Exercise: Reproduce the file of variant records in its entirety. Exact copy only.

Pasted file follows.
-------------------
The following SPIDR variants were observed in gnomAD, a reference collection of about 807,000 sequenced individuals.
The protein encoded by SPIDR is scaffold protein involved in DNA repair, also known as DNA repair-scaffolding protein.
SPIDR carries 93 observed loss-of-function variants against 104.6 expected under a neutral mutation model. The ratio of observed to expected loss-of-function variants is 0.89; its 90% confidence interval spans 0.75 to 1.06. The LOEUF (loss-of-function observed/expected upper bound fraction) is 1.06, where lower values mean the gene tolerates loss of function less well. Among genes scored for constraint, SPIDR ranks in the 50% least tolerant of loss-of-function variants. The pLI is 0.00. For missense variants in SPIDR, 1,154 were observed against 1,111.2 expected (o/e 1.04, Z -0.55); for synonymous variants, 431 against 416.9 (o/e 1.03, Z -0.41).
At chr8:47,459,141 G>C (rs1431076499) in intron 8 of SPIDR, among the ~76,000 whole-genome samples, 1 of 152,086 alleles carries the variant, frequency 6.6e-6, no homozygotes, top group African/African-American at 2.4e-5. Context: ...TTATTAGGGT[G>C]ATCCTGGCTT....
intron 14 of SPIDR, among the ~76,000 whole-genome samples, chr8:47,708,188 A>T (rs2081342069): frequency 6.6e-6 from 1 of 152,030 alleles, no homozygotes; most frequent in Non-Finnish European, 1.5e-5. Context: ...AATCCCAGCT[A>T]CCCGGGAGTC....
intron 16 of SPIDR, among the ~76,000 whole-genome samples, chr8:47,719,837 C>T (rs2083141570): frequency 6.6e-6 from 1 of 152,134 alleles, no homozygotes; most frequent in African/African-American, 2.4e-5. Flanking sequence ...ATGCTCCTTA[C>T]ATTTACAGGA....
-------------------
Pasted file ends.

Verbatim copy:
The following SPIDR variants were observed in gnomAD, a reference collection of about 807,000 sequenced individuals.
The protein encoded by SPIDR is scaffold protein involved in DNA repair, also known as DNA repair-scaffolding protein.
SPIDR carries 93 observed loss-of-function variants against 104.6 expected under a neutral mutation model. The ratio of observed to expected loss-of-function variants is 0.89; its 90% confidence interval spans 0.75 to 1.06. The LOEUF (loss-of-function observed/expected upper bound fraction) is 1.06, where lower values mean the gene tolerates loss of function less well. Among genes scored for constraint, SPIDR ranks in the 50% least tolerant of loss-of-function variants. The pLI is 0.00. For missense variants in SPIDR, 1,154 were observed against 1,111.2 expected (o/e 1.04, Z -0.55); for synonymous variants, 431 against 416.9 (o/e 1.03, Z -0.41).
At chr8:47,459,141 G>C (rs1431076499) in intron 8 of SPIDR, among the ~76,000 whole-genome samples, 1 of 152,086 alleles carries the variant, frequency 6.6e-6, no homozygotes, top group African/African-American at 2.4e-5. Context: ...TTATTAGGGT[G>C]ATCCTGGCTT....
intron 14 of SPIDR, among the ~76,000 whole-genome samples, chr8:47,708,188 A>T (rs2081342069): frequency 6.6e-6 from 1 of 152,030 alleles, no homozygotes; most frequent in Non-Finnish European, 1.5e-5. Context: ...AATCCCAGCT[A>T]CCCGGGAGTC....
intron 16 of SPIDR, among the ~76,000 whole-genome samples, chr8:47,719,837 C>T (rs2083141570): frequency 6.6e-6 from 1 of 152,134 alleles, no homozygotes; most frequent in African/African-American, 2.4e-5. Flanking sequence ...ATGCTCCTTA[C>T]ATTTACAGGA....